Please ensure Javascript is enabled for purposes of website accessibility

Filing an Amended Tax Return Just Got Easier. Here's Why.

By Maurie Backman – Jun 3, 2020 at 8:36AM

You’re reading a free article with opinions that may differ from The Motley Fool’s Premium Investing Services. Become a Motley Fool member today to get instant access to our top analyst recommendations, in-depth research, investing resources, and more. Learn More

The IRS may have just made a lot of tax-filers happier.

Many Americans have yet to submit their 2019 taxes, since the deadline to do so was pushed back until July 15, 2020 due to the COVID-19 crisis. But what if you already filed your 2019 tax return and realize you need to amend it?

Thankfully, there's good news in that regard, as the IRS just announced that it will soon start accepting amended 2019 tax returns electronically. Normally, amended tax returns can only be submitted on paper, so that's a welcome change that should lead to fewer errors and less work on a whole.

Man at laptop holding a pen


Why file an amended tax return?

There are several reasons why you may have to amend your tax return after submitting it. For one thing, if you get an updated W-2 or 1099 form, you'll need to amend your tax return to reflect that new information. Say your original W-2 overstates your income by $10,000. That's a huge tax liability for you, and so updating your tax return to reflect $10,000 less in income is essential. And on the flipside, you'll need to report a higher income if you initially stated a lower one due to receiving an incorrect tax form.

Furthermore, you may need to amend your tax return if you failed to report investment gains or losses, or any other income you collected during the tax year in question, such as interest from your savings account or dividend income in your brokerage account. Finally, if you failed to claim all of the tax credits and deductions you were eligible for, going back in and filing an amended tax return is the only way to lower your tax burden or potentially increase your refund amount.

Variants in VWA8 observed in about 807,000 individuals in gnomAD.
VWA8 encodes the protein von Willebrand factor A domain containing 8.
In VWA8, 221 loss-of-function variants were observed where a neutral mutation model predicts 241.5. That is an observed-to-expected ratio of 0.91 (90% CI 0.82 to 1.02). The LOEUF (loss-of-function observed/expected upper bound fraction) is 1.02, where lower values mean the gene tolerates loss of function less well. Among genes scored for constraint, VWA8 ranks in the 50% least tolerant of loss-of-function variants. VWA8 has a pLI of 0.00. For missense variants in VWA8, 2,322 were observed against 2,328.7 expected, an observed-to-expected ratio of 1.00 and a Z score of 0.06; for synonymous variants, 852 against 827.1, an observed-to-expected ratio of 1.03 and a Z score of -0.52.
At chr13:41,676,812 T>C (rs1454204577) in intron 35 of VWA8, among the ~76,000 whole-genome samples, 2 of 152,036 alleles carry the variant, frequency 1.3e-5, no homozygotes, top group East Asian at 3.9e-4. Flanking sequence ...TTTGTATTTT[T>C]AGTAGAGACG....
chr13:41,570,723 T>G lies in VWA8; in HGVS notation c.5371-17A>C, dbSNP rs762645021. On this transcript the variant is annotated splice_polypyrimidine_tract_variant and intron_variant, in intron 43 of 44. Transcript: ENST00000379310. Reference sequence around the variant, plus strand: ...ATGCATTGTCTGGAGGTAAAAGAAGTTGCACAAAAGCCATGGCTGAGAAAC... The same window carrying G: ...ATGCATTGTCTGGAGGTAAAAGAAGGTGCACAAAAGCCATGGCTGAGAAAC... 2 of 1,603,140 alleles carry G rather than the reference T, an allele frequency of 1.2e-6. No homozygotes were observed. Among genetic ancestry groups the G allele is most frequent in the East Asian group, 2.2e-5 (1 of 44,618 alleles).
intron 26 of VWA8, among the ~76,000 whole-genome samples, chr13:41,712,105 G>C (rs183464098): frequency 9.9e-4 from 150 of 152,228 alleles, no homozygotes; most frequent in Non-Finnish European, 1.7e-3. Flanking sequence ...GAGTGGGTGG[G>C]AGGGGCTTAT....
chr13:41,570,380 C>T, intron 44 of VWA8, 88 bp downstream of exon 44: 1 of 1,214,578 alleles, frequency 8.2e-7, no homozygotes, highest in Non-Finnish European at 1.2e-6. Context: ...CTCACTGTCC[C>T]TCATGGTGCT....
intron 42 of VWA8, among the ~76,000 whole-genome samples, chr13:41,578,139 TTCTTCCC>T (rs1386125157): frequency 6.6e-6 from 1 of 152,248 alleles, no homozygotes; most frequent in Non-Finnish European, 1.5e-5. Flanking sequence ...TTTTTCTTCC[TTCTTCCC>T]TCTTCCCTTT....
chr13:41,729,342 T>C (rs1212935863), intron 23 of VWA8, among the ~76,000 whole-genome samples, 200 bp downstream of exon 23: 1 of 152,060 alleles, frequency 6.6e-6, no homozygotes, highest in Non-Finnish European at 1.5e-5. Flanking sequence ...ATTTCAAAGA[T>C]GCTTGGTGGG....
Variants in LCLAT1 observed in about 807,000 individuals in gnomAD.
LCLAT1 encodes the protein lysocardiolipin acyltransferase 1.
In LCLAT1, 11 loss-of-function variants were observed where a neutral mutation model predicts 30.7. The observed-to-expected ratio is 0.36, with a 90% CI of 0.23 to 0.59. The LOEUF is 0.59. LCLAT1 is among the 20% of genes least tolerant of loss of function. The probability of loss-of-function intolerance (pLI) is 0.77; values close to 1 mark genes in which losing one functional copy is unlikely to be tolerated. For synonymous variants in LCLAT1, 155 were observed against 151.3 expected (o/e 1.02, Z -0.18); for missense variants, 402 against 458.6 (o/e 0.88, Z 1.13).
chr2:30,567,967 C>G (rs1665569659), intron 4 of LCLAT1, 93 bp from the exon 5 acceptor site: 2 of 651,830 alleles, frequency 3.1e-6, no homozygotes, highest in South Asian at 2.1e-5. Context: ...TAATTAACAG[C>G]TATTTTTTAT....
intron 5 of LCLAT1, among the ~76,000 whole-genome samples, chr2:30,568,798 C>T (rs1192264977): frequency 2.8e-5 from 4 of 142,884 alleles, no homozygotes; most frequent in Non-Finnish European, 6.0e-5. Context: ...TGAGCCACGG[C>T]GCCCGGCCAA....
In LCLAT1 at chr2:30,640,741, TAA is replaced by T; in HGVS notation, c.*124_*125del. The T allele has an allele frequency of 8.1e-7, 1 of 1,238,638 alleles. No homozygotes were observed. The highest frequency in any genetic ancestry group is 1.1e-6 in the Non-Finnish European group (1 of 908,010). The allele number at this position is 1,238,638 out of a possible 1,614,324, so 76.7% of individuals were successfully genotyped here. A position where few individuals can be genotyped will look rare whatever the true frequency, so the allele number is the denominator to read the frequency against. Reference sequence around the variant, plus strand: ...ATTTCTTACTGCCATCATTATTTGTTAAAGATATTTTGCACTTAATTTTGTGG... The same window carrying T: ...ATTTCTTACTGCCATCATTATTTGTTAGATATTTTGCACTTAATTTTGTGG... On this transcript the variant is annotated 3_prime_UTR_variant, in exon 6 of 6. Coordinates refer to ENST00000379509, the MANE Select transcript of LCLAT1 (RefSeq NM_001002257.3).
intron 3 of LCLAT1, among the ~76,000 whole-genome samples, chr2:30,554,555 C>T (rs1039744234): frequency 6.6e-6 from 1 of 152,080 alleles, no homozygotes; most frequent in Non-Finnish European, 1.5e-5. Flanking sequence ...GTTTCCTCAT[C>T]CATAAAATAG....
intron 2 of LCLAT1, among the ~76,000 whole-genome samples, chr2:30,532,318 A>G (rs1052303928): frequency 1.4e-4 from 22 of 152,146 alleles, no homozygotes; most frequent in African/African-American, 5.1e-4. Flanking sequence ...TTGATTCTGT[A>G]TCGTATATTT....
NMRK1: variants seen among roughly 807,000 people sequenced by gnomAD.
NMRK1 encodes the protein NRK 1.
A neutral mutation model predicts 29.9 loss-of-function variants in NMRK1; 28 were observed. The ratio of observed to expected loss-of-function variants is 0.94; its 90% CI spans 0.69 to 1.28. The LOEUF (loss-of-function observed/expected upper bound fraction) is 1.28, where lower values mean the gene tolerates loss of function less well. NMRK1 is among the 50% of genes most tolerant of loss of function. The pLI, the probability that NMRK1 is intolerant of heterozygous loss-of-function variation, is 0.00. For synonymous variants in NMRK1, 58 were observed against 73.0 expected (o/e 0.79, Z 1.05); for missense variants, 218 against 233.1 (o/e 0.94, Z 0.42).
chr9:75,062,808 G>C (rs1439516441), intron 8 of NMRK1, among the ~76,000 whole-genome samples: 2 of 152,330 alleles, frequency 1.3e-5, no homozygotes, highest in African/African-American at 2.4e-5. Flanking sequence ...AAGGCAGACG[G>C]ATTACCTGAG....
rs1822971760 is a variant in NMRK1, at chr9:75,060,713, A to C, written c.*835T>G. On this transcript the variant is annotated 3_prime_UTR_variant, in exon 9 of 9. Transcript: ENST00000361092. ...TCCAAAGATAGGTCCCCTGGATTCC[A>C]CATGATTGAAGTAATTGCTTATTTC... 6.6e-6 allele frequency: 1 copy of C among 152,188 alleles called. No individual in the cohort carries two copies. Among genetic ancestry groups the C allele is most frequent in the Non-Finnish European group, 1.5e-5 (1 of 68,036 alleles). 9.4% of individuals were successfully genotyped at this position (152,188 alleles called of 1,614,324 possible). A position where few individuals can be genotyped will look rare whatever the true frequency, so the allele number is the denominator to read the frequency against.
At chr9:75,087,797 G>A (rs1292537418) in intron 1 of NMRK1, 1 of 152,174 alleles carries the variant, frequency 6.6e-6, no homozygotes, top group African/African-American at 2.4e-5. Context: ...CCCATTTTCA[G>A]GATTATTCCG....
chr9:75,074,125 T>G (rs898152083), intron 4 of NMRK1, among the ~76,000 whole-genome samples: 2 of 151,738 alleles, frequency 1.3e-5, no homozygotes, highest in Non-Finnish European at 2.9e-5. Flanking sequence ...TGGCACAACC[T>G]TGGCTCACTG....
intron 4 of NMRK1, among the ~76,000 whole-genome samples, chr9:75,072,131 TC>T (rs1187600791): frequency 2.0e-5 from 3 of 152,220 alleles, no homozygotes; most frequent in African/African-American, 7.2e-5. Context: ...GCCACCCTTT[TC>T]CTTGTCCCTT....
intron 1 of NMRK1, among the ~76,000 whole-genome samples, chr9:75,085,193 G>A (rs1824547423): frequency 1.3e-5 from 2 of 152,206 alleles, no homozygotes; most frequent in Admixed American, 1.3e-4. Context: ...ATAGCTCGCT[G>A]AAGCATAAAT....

What about amended tax returns from a previous year?

If you realize you need to amend a tax return that was filed prior to 2019, you may still have an opportunity to do so, as you get three years to submit an amendment. But if you're looking to update a 2017 or 2018 return, you'll still need to do so on paper. And if you owe money from one of those tax years, you'll need to prepare to pay it as quickly as possible to avoid additional interest and penalties.

To file a paper amendment, submit Form 1040-X to the IRS, and attach whatever documents relate to the changes you're making. You don't need to submit all of your old tax forms again; you just need to send in the forms that relate to the new information you're including. For example, if you're amending an old tax return because of an updated 1099 form, that 1099 is the only piece of documentation the IRS will need.

Meanwhile, you'll be able to amend your 2019 tax return electronically beginning this summer. Doing so will lower your chances of making a mistake on your amended filing, thereby eliminating one potential source of stress.

The Motley Fool has a disclosure policy.

Invest Smarter with The Motley Fool

Join Over 1 Million Premium Members Receiving…

  • New Stock Picks Each Month
  • Detailed Analysis of Companies
  • Model Portfolios
  • Live Streaming During Market Hours
  • And Much More
Get Started Now

Related Articles

Motley Fool Returns

Motley Fool Stock Advisor

Market-beating stocks from our award-winning analyst team.

Stock Advisor Returns
S&P 500 Returns

Calculated by average return of all stock recommendations since inception of the Stock Advisor service in February of 2002. Returns as of 09/27/2022.

Discounted offers are only available to new members. Stock Advisor list price is $199 per year.

Premium Investing Services

Invest better with The Motley Fool. Get stock recommendations, portfolio guidance, and more from The Motley Fool's premium services.